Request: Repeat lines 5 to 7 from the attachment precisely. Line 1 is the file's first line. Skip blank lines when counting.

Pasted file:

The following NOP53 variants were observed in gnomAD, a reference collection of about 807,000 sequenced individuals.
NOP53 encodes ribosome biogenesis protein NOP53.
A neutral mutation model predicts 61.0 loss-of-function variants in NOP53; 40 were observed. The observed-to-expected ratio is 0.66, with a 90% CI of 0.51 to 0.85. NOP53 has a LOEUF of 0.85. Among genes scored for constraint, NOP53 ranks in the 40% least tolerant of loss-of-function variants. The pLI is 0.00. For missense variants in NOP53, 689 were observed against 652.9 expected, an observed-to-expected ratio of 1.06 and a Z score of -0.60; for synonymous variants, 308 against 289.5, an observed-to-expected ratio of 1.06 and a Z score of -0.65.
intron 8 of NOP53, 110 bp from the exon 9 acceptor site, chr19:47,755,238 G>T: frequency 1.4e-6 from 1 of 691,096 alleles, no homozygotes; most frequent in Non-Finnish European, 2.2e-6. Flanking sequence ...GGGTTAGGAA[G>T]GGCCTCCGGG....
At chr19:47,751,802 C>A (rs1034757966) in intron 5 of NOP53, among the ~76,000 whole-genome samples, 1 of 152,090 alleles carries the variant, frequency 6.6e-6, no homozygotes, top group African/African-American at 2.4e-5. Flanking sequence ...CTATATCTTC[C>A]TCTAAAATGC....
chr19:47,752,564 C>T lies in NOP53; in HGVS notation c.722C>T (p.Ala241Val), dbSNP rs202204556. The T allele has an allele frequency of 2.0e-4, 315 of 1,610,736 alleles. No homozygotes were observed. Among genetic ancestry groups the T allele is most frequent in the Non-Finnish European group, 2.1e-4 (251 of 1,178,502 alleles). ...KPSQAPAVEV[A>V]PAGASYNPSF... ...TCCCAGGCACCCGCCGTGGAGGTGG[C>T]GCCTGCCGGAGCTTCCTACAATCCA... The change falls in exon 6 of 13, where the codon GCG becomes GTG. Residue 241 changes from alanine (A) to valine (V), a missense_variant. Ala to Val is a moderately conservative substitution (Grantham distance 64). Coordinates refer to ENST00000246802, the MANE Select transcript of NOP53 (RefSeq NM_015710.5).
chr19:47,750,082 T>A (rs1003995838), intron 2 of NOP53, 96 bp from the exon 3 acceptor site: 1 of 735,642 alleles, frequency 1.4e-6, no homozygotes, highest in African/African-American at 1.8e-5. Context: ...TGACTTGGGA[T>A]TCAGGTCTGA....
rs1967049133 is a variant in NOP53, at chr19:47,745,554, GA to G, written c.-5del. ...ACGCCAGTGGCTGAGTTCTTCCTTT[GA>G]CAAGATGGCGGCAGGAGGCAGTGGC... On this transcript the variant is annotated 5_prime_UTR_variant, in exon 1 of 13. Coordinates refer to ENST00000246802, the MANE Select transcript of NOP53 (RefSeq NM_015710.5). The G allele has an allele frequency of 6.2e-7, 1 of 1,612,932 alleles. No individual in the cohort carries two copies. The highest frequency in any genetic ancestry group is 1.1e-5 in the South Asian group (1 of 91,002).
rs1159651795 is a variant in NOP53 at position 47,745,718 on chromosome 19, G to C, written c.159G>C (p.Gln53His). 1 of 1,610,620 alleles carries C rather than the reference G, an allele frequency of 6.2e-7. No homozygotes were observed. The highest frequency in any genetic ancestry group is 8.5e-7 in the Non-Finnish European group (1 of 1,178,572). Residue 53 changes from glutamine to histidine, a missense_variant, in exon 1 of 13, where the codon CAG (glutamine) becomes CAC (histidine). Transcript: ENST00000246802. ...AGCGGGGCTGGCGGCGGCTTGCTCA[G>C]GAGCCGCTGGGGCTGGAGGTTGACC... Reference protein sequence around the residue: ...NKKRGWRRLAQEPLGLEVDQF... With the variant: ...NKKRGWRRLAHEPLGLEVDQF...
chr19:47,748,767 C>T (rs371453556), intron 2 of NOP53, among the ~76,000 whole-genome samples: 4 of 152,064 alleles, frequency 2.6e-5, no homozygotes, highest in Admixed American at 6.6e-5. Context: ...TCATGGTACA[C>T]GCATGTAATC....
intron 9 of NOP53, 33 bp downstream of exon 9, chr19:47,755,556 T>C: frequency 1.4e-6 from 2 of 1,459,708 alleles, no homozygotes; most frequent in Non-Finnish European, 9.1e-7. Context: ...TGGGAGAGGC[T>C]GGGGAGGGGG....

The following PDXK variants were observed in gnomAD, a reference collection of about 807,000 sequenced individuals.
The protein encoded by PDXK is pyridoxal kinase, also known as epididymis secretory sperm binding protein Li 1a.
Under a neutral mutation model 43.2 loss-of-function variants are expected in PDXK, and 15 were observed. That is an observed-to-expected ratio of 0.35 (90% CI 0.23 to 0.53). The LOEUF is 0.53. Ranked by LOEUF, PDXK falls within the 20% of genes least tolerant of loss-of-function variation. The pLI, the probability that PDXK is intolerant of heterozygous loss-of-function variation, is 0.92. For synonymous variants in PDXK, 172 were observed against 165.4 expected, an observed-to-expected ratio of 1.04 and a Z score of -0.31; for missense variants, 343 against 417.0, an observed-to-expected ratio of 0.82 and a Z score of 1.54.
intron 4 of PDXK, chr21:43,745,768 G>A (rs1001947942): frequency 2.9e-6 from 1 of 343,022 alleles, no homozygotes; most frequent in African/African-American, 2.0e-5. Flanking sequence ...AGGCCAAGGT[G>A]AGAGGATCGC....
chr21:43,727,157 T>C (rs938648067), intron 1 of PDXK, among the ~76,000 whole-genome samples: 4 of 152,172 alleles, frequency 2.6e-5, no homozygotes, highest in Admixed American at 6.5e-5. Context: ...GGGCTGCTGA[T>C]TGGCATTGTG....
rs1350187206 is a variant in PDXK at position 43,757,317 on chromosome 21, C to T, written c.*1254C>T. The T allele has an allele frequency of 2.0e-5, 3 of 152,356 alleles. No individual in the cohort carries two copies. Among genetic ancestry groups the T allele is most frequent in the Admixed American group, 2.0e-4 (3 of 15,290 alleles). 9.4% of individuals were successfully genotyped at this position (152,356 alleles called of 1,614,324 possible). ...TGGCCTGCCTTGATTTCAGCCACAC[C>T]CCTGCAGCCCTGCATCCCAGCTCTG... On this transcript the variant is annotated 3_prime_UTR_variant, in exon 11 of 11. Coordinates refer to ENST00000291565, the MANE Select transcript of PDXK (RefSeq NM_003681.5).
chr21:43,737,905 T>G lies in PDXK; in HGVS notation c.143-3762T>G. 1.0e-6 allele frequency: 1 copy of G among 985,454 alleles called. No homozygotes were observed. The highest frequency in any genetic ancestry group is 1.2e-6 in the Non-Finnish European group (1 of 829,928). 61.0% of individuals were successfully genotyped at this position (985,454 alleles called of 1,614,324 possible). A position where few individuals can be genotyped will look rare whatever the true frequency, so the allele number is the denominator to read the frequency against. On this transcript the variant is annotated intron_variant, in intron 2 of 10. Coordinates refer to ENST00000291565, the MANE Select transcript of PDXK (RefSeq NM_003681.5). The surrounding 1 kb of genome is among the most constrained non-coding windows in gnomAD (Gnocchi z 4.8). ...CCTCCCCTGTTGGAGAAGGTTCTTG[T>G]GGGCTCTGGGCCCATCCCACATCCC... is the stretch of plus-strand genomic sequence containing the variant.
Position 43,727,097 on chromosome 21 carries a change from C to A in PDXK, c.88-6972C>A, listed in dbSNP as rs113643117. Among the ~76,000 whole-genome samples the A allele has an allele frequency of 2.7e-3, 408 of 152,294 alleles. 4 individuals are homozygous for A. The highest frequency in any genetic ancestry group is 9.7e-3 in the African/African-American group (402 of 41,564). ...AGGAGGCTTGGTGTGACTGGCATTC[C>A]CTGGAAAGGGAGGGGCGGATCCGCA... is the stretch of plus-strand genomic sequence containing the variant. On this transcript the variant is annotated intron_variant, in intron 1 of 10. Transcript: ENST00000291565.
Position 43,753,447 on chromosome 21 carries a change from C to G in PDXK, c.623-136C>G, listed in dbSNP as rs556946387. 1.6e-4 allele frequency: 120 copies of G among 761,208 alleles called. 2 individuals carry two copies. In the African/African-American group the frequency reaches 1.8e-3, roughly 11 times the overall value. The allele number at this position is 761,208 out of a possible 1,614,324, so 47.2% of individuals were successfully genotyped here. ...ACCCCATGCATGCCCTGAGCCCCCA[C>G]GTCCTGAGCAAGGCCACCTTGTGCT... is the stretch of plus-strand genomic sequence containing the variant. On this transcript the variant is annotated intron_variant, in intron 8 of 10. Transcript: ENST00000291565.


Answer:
At chr19:47,751,802 C>A (rs1034757966) in intron 5 of NOP53, among the ~76,000 whole-genome samples, 1 of 152,090 alleles carries the variant, frequency 6.6e-6, no homozygotes, top group African/African-American at 2.4e-5. Flanking sequence ...CTATATCTTC[C>A]TCTAAAATGC....
chr19:47,752,564 C>T lies in NOP53; in HGVS notation c.722C>T (p.Ala241Val), dbSNP rs202204556. The T allele has an allele frequency of 2.0e-4, 315 of 1,610,736 alleles. No homozygotes were observed. Among genetic ancestry groups the T allele is most frequent in the Non-Finnish European group, 2.1e-4 (251 of 1,178,502 alleles). ...KPSQAPAVEV[A>V]PAGASYNPSF... ...TCCCAGGCACCCGCCGTGGAGGTGG[C>T]GCCTGCCGGAGCTTCCTACAATCCA... The change falls in exon 6 of 13, where the codon GCG becomes GTG. Residue 241 changes from alanine (A) to valine (V), a missense_variant. Ala to Val is a moderately conservative substitution (Grantham distance 64). Coordinates refer to ENST00000246802, the MANE Select transcript of NOP53 (RefSeq NM_015710.5).
chr19:47,750,082 T>A (rs1003995838), intron 2 of NOP53, 96 bp from the exon 3 acceptor site: 1 of 735,642 alleles, frequency 1.4e-6, no homozygotes, highest in African/African-American at 1.8e-5. Context: ...TGACTTGGGA[T>A]TCAGGTCTGA....